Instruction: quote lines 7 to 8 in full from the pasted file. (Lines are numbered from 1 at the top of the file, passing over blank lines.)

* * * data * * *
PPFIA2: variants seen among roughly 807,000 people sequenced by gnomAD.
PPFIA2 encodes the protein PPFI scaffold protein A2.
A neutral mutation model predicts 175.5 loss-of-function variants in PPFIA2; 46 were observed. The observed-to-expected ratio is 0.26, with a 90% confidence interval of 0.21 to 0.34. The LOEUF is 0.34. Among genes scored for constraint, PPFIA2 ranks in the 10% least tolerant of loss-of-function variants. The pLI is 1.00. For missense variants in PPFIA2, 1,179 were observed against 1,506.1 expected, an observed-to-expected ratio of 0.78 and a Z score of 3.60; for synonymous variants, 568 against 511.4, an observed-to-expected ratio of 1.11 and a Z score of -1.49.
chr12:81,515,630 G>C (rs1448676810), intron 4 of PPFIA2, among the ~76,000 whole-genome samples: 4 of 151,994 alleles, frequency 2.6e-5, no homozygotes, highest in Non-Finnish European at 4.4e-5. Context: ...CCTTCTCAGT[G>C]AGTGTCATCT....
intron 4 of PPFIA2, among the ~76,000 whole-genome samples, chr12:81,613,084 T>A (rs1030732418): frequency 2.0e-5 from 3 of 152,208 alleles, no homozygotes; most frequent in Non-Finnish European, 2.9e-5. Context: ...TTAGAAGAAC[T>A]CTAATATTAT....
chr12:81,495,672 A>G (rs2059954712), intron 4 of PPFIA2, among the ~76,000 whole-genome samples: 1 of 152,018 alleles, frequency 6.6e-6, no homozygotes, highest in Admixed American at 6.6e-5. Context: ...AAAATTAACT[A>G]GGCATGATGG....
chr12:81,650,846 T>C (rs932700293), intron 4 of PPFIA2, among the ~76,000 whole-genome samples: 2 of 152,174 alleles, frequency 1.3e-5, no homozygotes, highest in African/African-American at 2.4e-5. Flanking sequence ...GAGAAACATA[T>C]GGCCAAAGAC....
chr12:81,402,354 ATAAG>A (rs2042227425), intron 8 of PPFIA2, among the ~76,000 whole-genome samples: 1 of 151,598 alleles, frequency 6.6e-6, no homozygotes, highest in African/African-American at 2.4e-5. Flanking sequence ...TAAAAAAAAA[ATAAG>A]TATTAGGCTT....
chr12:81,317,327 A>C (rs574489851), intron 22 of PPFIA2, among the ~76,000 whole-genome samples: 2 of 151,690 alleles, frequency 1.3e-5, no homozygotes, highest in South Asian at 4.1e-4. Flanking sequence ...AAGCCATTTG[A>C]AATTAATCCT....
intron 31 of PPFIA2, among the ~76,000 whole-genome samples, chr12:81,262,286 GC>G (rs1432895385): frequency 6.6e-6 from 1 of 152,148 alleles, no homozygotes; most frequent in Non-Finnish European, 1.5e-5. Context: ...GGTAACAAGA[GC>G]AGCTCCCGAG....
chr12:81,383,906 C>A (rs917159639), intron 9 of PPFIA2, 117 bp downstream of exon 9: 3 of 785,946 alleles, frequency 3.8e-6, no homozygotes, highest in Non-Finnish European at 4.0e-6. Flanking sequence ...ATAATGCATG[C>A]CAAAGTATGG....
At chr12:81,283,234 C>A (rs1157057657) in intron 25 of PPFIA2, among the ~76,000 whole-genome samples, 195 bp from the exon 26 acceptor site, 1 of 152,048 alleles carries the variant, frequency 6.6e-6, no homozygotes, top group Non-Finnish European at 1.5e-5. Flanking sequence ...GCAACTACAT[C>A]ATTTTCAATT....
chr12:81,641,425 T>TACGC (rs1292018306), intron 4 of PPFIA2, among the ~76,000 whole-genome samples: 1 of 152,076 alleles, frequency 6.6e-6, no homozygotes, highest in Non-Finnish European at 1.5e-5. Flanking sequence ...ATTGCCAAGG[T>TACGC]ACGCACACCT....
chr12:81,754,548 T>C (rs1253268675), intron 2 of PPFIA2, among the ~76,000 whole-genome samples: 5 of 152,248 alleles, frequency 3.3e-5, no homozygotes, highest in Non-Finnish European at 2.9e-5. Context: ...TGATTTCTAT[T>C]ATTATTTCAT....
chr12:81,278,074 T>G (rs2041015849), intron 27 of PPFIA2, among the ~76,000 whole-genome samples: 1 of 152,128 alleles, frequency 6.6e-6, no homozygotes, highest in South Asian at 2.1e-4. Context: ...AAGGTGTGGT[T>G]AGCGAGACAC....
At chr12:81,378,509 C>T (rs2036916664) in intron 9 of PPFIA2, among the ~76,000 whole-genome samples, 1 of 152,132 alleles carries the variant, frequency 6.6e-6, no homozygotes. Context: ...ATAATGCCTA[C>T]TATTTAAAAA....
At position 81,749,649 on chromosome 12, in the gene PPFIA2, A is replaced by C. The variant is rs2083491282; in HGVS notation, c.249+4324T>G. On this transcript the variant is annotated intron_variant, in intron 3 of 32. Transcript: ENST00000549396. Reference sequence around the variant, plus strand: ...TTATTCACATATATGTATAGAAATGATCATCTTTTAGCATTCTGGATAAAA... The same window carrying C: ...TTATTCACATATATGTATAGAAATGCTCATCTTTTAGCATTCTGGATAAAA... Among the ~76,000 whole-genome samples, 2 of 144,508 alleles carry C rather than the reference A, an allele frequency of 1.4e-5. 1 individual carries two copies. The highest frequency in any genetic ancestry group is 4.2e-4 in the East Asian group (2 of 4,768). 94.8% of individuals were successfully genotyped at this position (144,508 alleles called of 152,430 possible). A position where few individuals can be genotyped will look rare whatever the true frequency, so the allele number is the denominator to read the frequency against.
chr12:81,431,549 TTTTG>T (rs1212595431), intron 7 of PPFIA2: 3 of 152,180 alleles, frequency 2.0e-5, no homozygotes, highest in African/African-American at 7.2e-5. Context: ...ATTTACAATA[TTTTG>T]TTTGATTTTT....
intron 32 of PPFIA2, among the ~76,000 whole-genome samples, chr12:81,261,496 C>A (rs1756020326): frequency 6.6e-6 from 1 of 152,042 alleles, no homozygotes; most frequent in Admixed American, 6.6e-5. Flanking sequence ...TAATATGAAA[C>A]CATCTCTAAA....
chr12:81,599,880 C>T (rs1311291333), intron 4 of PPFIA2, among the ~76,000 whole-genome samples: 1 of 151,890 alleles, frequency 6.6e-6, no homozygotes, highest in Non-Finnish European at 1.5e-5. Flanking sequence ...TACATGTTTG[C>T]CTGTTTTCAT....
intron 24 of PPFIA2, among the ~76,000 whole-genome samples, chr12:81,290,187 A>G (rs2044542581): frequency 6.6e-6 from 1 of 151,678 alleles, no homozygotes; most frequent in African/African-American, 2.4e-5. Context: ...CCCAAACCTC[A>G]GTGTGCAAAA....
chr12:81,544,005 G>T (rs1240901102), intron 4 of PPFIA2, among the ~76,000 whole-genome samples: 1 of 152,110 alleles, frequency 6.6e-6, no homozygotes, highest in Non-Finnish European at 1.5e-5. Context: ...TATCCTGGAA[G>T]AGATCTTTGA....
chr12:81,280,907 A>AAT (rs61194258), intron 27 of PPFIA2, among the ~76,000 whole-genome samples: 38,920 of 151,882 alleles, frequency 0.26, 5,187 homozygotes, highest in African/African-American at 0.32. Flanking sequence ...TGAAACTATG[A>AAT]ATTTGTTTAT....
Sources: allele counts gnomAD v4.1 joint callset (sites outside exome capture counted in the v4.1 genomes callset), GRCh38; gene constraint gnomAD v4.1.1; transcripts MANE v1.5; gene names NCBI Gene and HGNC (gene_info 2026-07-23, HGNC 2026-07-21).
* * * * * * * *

chr12:81,650,846 T>C (rs932700293), intron 4 of PPFIA2, among the ~76,000 whole-genome samples: 2 of 152,174 alleles, frequency 1.3e-5, no homozygotes, highest in African/African-American at 2.4e-5. Flanking sequence ...GAGAAACATA[T>C]GGCCAAAGAC....
chr12:81,402,354 ATAAG>A (rs2042227425), intron 8 of PPFIA2, among the ~76,000 whole-genome samples: 1 of 151,598 alleles, frequency 6.6e-6, no homozygotes, highest in African/African-American at 2.4e-5. Flanking sequence ...TAAAAAAAAA[ATAAG>A]TATTAGGCTT....